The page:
The entire time, though, I would have much preferred writing about music for a glossy magazine or an even glossier web site. I have a scary mental database of movie factoids filed by genre, star, director and…uh, kill shots that I would have rather put to use for any number of entertainment publications.
However, there are hundreds of people clamoring for those jobs; to live in a shiny city writing about famous people for a large audience. Yet, such was not the case for the Navajo Times; to work in dusty Window Rock, Ariz., writing about tribal government for a readership that only just outnumbers the capacity at a Montana Griz football game.
This is where I hope to find success with Reznet. To find students from Indian reservations who want to work for their audience. Who want to find satisfaction from working in one of the most un-glamorous corners in an un-glamorous field. Who want to pick up the storytelling torch after the big name media outlets have left following the latest minority tragedy and show how much more is going on back at home.
It all starts with this re-launch.
ROCKY BOY’S RESERVATION, Montana – A half-year ago, much of the Rocky Boy’s Indian Reservation in north central Montana was under water.
Still in recovery mode, the Chippewa Cree tribe is facing years of work just to get back to where they were before the unprecedented flood hit this small reservation in mid-June last year.
Ted Whitford, a Rocky Boy tribal councilman, estimated that the reservation sustained more than $31 million in flood damages.
The flood washed out roads and destroyed plumbing lines leaving hundreds of homes without water for days. In all, 12 inches of rain fell, over-saturating the ground and shifted the land under a $12 million health clinic rendering it condemned. In August, President Barack Obama ordered a disaster declaration for the reservation and portions of Hill County.
The Federal Emergency Management Agency is covering the entire cost for the recovery, including reimbursing the tribe for any rebuilding costs that the tribe incurred before the federal declaration, Whitford said.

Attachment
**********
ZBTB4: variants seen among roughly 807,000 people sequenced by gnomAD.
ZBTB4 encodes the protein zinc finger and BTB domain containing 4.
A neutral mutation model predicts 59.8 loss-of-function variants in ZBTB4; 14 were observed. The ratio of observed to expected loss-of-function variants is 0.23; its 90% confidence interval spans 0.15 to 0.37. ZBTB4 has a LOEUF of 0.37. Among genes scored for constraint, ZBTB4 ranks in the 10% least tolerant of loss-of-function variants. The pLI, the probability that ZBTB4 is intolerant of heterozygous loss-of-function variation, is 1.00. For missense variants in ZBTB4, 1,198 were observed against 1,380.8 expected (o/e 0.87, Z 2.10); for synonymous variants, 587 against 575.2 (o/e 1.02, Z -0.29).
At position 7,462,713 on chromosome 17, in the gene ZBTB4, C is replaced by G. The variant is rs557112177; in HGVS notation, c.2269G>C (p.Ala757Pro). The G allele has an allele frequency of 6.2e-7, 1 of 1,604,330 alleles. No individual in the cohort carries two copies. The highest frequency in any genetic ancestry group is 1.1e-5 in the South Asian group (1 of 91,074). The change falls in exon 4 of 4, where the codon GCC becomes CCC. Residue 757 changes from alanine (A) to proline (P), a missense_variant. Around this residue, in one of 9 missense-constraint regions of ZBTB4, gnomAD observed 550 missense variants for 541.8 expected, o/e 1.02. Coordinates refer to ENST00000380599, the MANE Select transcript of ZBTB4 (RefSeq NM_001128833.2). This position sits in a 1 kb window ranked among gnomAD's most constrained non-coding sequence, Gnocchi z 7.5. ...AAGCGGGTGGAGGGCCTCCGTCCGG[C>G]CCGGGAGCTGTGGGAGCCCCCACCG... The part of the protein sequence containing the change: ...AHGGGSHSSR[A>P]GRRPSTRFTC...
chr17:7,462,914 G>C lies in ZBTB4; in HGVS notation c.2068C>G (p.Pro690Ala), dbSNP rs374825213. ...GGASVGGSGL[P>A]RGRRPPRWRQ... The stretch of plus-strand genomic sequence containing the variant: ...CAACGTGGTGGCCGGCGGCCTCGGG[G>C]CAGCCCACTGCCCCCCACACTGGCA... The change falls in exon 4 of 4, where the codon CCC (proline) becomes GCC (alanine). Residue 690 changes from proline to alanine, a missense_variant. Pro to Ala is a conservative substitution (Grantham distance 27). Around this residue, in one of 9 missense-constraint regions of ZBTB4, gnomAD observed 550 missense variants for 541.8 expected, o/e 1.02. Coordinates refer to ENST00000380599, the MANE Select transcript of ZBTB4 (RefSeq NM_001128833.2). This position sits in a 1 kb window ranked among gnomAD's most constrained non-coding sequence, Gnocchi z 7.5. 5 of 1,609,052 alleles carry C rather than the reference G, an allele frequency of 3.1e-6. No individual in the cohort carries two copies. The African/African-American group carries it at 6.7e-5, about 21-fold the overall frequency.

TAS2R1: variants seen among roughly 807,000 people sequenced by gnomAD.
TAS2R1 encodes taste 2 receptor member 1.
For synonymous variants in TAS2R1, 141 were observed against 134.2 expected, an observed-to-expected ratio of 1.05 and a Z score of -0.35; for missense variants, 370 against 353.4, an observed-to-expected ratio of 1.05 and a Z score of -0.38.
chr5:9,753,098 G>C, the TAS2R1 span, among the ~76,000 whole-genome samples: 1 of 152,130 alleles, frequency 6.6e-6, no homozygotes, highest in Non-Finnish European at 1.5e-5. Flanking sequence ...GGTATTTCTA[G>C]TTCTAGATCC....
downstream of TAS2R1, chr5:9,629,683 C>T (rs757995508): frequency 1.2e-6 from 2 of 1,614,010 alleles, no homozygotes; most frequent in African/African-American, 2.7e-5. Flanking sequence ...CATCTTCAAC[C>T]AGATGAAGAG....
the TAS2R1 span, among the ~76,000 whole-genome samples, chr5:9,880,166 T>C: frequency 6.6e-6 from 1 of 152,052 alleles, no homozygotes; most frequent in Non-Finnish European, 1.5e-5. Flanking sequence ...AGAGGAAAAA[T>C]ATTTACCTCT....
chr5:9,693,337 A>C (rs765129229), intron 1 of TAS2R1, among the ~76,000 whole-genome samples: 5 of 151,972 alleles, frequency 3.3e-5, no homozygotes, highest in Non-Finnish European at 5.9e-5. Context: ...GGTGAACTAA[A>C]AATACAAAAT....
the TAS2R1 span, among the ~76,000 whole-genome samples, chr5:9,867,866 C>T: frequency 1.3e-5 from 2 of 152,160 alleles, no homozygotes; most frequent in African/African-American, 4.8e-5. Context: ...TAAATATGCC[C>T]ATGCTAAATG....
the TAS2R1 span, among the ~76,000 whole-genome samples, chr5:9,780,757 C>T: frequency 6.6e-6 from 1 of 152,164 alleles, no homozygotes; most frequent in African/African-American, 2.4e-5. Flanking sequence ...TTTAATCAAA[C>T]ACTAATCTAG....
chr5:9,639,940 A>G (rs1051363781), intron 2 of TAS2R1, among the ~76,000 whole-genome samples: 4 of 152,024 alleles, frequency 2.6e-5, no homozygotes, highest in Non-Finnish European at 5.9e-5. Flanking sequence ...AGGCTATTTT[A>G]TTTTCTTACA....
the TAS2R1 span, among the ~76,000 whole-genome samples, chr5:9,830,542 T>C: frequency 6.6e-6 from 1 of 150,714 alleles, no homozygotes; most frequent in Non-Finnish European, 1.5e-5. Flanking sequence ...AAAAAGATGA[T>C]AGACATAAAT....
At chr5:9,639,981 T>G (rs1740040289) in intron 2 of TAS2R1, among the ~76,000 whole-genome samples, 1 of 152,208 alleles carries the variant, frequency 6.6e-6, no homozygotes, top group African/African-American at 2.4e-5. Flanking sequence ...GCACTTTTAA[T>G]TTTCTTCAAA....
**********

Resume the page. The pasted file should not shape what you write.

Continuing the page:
It’s a rare move as the federal government usually splits costs with those in the affected area. The tribe’s poor economic state almost certainly factored into FEMA’s decision, Whitford said.
“I’m really grateful for FEMA’s efforts,” Whitford said. “They were so helpful.”
FEMA and the tribe identified 124 damaged locations on Rocky Boy. Whitford said the tribe has rebuilt nearly a third of those places, including roads, water lines and homes. He added that some projects were rebuilt with higher standards, upgraded to hold up against any future disasters.
Tribal officials have said it could take Rocky Boy two to three years to complete the structural recovery.
Then there are the residents, including some with severe personal losses.
“There’s no way to put a dollar amount on it,” Whitford said.
Whitford said he is concerned about the mold problem that has developed in some homes after flood waters receded. He said some residents are reporting lung problems that could be connected to mold.
The tribe has plans to start construction on a new clinic building this spring. In the meantime, clinic operations have been downsized to an older medical building, located about a mile away.
The new proposed building will be constructed to the same square footage as the damaged facility and could cost as much as $19 million to complete, Whitford said.
It could take two years to finish the new building, proposed in a new location about seven miles east of Box Elder, a reservation border town. The damaged medical building, which was about two years old and cost about $12 million, was located on a hillside west of Agency Square and is expected to be demolished.
The tribe expects to use it’s own workforce to build the new clinic.
In the wake of the flood, the tribe also demolished Agency Dam on the reservation because of concern it was going to fail, Whitford said.
The tribe also elevated a handful of homes and the tribe’s water line has been moved out of the floodplain. About four percent of the FEMA recovery funds can be used to upgrade infrastructure that could fail given another disaster, Whitford said.
There are a host of other building projects that the cash-strapped tribe had to delay because of the flood, Whitford said.
“We’ve got a long way to go,” Whitford said. “It could be worse before it gets better.”